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Hello everyone,

This is my first time posting here, but I've been following for a while. I am finishing my last term in college before getting my Bachelor's in Game Programming and Development. I have always been interested in level design, and I'm hoping to find a job in this area once I'm done. 

My question is, how should I go about breaking into this field within the industry? I have a little experience with developing game levels in Unreal; 2D Platformers, but not much else. Should I keep focusing on creating levels in game engines, or are level schematics/maps a good way to demonstrate skills too?

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I would hope that any college giving students a BS in Games Programming and Development would provide that sort of information.

But my advice would be to create a portfolio of game designs or actual games. If possible, create a game using Gamemaker or any game library/engine. Publish the game on Steam, Windows, or iOS. That way you have something to show and talk about in the interview and won't look completely green. There are 1000s people looking for the same job. So you'll have to demonstrate that you're capable to fulfilling the tasks they may assign you.

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1 hour ago, DrBFragged said:

I am finishing my last term in college before getting my Bachelor's in Game Programming and Development. I have always been interested in level design, and I'm hoping to find a job in this area once I'm done. 

Is there a reason you're not interested in the programming path?

The best thing for a career in level design is to show that you can design levels. Creating levels in game engines is best, however they don't always convey your understanding or intent. Schematics and maps can do that. But don't overdo it, because employers want to see the finished products more than the drafts.

You might want to think about different game types and their different needs - a Skyrim dungeon has different considerations to a FPS map, and even within FPS games you'll have different constraints for a level designed for single-player and one designed for multi-player. Consider niche titles like puzzle-platformers and racing games, too.

Also consider trying to show competence with a variety of map editors and engines, and maybe standard 3D modelling tools.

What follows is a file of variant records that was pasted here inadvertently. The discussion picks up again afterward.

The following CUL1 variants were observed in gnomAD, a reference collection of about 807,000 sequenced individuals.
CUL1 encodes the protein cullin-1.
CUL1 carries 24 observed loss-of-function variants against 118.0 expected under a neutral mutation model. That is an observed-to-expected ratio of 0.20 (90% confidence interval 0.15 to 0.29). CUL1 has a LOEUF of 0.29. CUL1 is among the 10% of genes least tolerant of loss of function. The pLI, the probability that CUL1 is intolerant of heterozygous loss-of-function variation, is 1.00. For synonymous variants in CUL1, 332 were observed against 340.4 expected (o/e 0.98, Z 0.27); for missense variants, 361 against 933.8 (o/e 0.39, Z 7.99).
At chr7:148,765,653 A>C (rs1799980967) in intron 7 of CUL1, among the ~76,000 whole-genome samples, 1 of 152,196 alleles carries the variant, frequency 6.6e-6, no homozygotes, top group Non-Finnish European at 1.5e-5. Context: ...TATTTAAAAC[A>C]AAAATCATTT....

Finally, be aware that some companies and some roles have separate environment artists who are responsible for all the visual look-and-feel after the level designers make a 'blockout' or 'grey-box' level, and some companies basically like environment artists to do level design in conjunction with all-rounder designers. This means a degree of artistic skill on your part is useful, but probably not mandatory.

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Thank you greatly for the insight and advice! This should be very helpful when developing a portfolio and when needing ideas on what to do next.

As for your question about following the programming path, I am interested in programming as well. Going to school for this portion of game development though, I have a decent start on a programming portfolio, and I have a better understanding of a direction to take. I would just like to show my abilities in other areas as well, and, if possible, combine my two passions.

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9 hours ago, DrBFragged said:

I am finishing my last term in college before getting my Bachelor's in Game Programming and Development. ... My question is, how should I go about breaking into this field within the industry?

The term is what, 8 weeks? 10 weeks?  That is not much time.

Get your information together and begin applying for jobs immediately. Include your expected graduation date in the applications. Start networking and tell people your expected graduation date there, too. Talk to your school about what employment options they can help with.  Don't wait until graduation day to line up your first job.